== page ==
Champagne is a wine produced in the Champagne region of northeastern France. It is generally made of a blend of three grapes: Chardonay, Pinot Noir, and Pinot Meunier. These three grapes make up 98% of all Champagnes produced.
One of the most famous champagnes is Dom Pérignon, named after a French Benedictine monk of the 17th Century who contributed to the production and quality of champagne. Contrary to myth, he did not invent champagne; that honor goes to the English scientist and physician Christopher Merret. (Merret also produced the first list of British birds, but nobody seems to care about that much.)
How did the story about Dom Pérignon inventing champagne get started? An ad in the late 19th century had him saying, “Come quickly, I am drinking the stars” and the legend grew. Supposedly, one of his successors at the Abbey of Hautvillers spread the story in order to garner historical importance and prestige for the church. It’s a lovely myth, in any case. And Dom Pérignon did, apparently, make actual contributions to the production and quality of champagne.
If you want to sample the stars yourself, you can expand your efforts to check out entire galaxies! You can get REALLY BIG bottles of champagne. Here are the names for the most common large sizes:
Magnum – 2 standard bottles
Jeroboam – 4 standard bottles
Rehoboam – 6 standard bottles
Methuselah – 8 standard bottles
Salmanazar – 12 standard bottles
Balthazar – 16 standard bottles
Nebuchadnezzar – 20 standard bottles
So, biblical names for the sizes because he was a monk? And I liked the tidbit about the inventor and the list of British birds!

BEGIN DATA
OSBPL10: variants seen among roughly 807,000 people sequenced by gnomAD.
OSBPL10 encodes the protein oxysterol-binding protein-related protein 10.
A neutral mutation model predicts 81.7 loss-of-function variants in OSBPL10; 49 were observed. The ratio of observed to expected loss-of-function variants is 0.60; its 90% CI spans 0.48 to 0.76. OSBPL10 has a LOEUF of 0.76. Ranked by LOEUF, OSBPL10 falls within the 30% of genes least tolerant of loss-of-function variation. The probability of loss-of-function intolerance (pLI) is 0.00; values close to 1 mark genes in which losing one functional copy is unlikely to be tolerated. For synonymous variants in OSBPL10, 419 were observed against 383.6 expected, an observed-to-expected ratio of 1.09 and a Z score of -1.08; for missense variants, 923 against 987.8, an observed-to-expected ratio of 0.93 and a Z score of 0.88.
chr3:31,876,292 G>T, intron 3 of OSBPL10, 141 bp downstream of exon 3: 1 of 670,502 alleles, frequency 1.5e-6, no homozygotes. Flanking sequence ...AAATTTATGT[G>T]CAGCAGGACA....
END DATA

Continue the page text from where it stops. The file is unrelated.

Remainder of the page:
We’ll be drinking beer tonight. 😉 Happy New Year!!
I’m sure we will be partaking of many yummy beverages tonight, including champagne. Clever that they named the 20 bottle quantity something that I’ll never remember or pronounce! Ha! Happy New Year my friend!
I love that whole “I’m drinking the stars” bit!
Wow — I was only familiar with the magnum size!
Very informative post. I really wanted some bubbly on New Year’s Eve but didn’t have any in the house and didn’t feel like driving to get some! So, I was bubble-less.
Super cool post! We had champagne and lots of wine.
I loved the history behind champagne!! Happy New Year!!!
Hah! Leave it to you to find out the names of ginormous bottles of champagne. Happy New Year!
Happy New Year! I hope 2013 is off to a good start!
Hahahahaha, enormous bottles of champagne, of course that’s the necessary New Year’s post. Wooooooo.
Too bad a Nebuchadnezzar wouldn’t fit into my stocking!! I hope that your 2013 is going well so far…are you settled??